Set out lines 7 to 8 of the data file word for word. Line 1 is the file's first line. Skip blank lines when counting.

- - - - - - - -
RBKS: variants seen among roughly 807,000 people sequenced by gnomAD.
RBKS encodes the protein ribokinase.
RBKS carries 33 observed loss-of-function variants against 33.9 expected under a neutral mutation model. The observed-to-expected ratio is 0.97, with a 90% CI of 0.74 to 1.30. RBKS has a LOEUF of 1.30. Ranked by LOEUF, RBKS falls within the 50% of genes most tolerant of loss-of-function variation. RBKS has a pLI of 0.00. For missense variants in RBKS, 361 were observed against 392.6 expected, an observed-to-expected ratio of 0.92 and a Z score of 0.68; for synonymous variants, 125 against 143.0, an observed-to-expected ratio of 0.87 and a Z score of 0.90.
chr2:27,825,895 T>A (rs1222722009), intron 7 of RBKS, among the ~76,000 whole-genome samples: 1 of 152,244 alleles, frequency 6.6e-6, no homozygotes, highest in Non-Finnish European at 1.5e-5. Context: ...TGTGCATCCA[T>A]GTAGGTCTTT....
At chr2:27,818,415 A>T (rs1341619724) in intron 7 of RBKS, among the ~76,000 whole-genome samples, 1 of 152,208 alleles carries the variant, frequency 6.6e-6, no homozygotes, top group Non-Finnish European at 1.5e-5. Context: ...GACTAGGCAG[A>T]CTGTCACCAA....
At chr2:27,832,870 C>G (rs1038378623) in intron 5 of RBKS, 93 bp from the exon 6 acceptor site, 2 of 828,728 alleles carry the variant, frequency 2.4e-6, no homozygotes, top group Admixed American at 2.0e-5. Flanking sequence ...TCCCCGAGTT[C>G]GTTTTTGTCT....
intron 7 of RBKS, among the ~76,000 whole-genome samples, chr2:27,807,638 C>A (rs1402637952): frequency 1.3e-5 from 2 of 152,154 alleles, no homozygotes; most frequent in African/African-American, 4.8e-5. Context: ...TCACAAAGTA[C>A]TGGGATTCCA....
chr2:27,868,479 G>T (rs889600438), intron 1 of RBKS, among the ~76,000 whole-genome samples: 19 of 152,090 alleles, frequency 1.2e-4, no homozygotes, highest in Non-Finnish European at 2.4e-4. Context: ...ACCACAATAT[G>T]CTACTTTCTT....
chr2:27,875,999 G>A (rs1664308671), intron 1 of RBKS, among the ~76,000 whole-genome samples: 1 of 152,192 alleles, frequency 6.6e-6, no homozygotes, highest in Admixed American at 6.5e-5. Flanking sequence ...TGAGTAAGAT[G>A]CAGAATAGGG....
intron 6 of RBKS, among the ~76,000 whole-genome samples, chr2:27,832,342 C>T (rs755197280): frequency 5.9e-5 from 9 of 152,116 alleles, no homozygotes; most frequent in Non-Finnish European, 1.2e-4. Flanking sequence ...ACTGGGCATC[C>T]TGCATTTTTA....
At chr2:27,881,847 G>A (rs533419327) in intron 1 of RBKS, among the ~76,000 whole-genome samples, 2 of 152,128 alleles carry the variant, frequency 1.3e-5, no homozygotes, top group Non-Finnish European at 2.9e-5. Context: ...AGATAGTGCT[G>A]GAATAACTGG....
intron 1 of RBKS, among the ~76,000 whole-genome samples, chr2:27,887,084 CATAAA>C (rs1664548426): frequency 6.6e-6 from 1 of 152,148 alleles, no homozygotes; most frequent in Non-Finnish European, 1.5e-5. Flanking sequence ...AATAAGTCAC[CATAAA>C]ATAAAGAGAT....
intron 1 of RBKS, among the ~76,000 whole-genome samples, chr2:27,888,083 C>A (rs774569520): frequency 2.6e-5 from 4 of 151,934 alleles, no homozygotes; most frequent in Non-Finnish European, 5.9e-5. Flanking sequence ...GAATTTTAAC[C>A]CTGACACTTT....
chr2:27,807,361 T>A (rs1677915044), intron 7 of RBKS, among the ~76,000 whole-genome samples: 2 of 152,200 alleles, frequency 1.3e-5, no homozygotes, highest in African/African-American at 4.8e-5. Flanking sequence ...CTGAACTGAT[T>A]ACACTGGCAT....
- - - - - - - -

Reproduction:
intron 7 of RBKS, among the ~76,000 whole-genome samples, chr2:27,807,638 C>A (rs1402637952): frequency 1.3e-5 from 2 of 152,154 alleles, no homozygotes; most frequent in African/African-American, 4.8e-5. Context: ...TCACAAAGTA[C>A]TGGGATTCCA....
chr2:27,868,479 G>T (rs889600438), intron 1 of RBKS, among the ~76,000 whole-genome samples: 19 of 152,090 alleles, frequency 1.2e-4, no homozygotes, highest in Non-Finnish European at 2.4e-4. Context: ...ACCACAATAT[G>T]CTACTTTCTT....